The woman agrees with Jesus.  She is not worthy.  It would not be right to throw the children’s bread to the dogs.  But when the children eat the bread the dogs get to eat also.

Ouch!  Jesus calls this woman a dog.  He has come for the lost sheep of the house of Israel and this woman is a Canaanite.  She is not worthy to receive anything from Jesus.

And the woman agrees.  The woman agrees with Jesus.  She is not worthy.  It would not be right to throw the children’s bread to the dogs.  But when the children eat the bread the dogs get to eat also.  The dogs get the crumbs that fall on the floor.  She does not deserve a place at the table, but she is happy to take a place under the table with the dogs waiting for a crumb.

Matthew 15:27 (ESV) 27 … “Yes, Lord, yet even the dogs eat the crumbs that fall from their masters’ table.”[5]  That is how the ESV translates it.  “Yet even the dogs,” as if the woman is disagreeing with Jesus, but that isn’t what the word means.  This is a little three letter word in Greek, gar.  It means “because” or “for”.  Nowhere else is it translated as “yet” or “but”.  A better translation is, “Yes, Lord, because even the dogs eat from the crumbs that fall from their masters’ table.”

This Canaanite woman does not want a seat at the table.  She only wants to eat the crumbs.  Because she knows who Jesus is.  She knows how amazing and incredible and powerful Jesus is and so she knows that crumbs will be more than enough.  She knows that Jesus is God in flesh and just a crumb from His table is more than she can ever imagine.

She does not try to assert her rights.  She does not make demands on Jesus.  She approaches Jesus empty-handed, knowing that she is owed nothing, and she asks for help.  Matthew 5:3 (ESV) 3 “Blessed are the poor in spirit, for theirs is the kingdom of heaven.[6]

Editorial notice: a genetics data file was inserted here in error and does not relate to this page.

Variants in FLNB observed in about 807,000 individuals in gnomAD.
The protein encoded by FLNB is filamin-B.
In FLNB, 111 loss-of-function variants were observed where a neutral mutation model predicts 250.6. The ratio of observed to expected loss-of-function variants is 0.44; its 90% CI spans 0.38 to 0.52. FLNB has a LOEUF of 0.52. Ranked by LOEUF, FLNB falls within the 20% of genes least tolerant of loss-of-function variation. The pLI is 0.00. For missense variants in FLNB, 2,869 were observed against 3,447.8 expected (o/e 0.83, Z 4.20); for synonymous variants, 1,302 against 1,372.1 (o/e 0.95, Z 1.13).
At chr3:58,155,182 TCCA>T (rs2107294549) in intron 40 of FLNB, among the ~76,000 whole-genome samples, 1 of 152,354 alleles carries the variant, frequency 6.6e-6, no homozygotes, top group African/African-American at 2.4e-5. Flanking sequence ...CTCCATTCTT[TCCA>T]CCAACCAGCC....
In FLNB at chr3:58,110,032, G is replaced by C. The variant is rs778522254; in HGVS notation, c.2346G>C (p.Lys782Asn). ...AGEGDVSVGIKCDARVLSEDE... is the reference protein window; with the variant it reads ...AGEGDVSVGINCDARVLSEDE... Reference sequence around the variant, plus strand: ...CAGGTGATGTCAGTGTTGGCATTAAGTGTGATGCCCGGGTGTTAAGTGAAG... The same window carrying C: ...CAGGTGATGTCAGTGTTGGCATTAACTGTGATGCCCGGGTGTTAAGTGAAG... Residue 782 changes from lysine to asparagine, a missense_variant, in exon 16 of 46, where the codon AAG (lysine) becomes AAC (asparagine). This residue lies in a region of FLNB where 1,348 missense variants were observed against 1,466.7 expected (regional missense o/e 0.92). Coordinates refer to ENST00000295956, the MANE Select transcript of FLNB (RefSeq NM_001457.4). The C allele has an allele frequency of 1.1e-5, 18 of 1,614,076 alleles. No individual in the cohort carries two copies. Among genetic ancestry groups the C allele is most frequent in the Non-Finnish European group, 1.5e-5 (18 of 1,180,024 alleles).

What an amazing picture of us and God.  We too, for the most part, are not children of Israel.  My people come from Northern Europe.  As far as I know we are not descendants of Abraham and Sarah.  We are not God’s chosen people and yet we can come to Jesus with nothing to offer and eat the leftovers of the banquet which are in such abundance it is more than we could ever need.  Jesus supplies in abundance as we see with the leftovers at the feeding of the 5,000.  And, even more incredibly, not only do we eat the leftovers, but Jesus then grafts us into tree of Israel.  In baptism you are adopted as a child of God and a son of Abraham and his promise.  You become the new Israel, a wild olive branch grafted into the cultivated olive tree.  You are the new Israel, but don’t forget the old Israel.  Remember, Romans 11:18 (ESV) 18 do not be arrogant toward the branches. If you are, remember it is not you who support the root, but the root that supports you.[7]

What amazing grace.  You, a Gentile sinner, are grafted into Israel.  You, a sinner, comes to Jesus on your knees and are forgiven all their sins.  And not with just a little forgiveness, but with forgiveness in great abundance.  You are forgiven all your sins through the life, death and resurrection of Jesus.  Not because of how great you are, but because of how great Jesus is.

Jesus commends the Canaanite woman and heals her daughter.  Matthew 15:28 (ESV) 28 …Jesus answer[s] her, “O woman, great is your faith! Be it done for you as you desire.” And her daughter was healed instantly. [8]

This woman who should be an enemy of the Jews.  This woman who is an outsider with no standing.  This woman who has no right to come to Jesus.  This woman trusts Jesus because she knows who Jesus is.

She trusts not because of who she is, but because of who Jesus is.  Our default mode is to try to find goodness and merit in ourselves, but all the goodness and merit we need is with Jesus.  You know who Jesus is and you know that even a crumb from Jesus’ table is a banquet beyond all imagination.  And Jesus doesn’t feed you with crumbs; He feeds you with His very body and blood.

Amen.

[1]  The Holy Bible : English Standard Version. Wheaton : Standard Bible Society, 2001

 

[2]  The Holy Bible : English Standard Version. Wheaton : Standard Bible Society, 2001

 

[3]  The Holy Bible : English Standard Version. Wheaton : Standard Bible Society, 2001

 

[4]  The Holy Bible : English Standard Version. Wheaton : Standard Bible Society, 2001

 

[5]  The Holy Bible : English Standard Version. Wheaton : Standard Bible Society, 2001

 

[6]  The Holy Bible : English Standard Version. Wheaton : Standard Bible Society, 2001

 

[7]  The Holy Bible : English Standard Version. Wheaton : Standard Bible Society, 2001

 

[8]  The Holy Bible : English Standard Version. Wheaton : Standard Bible Society, 2001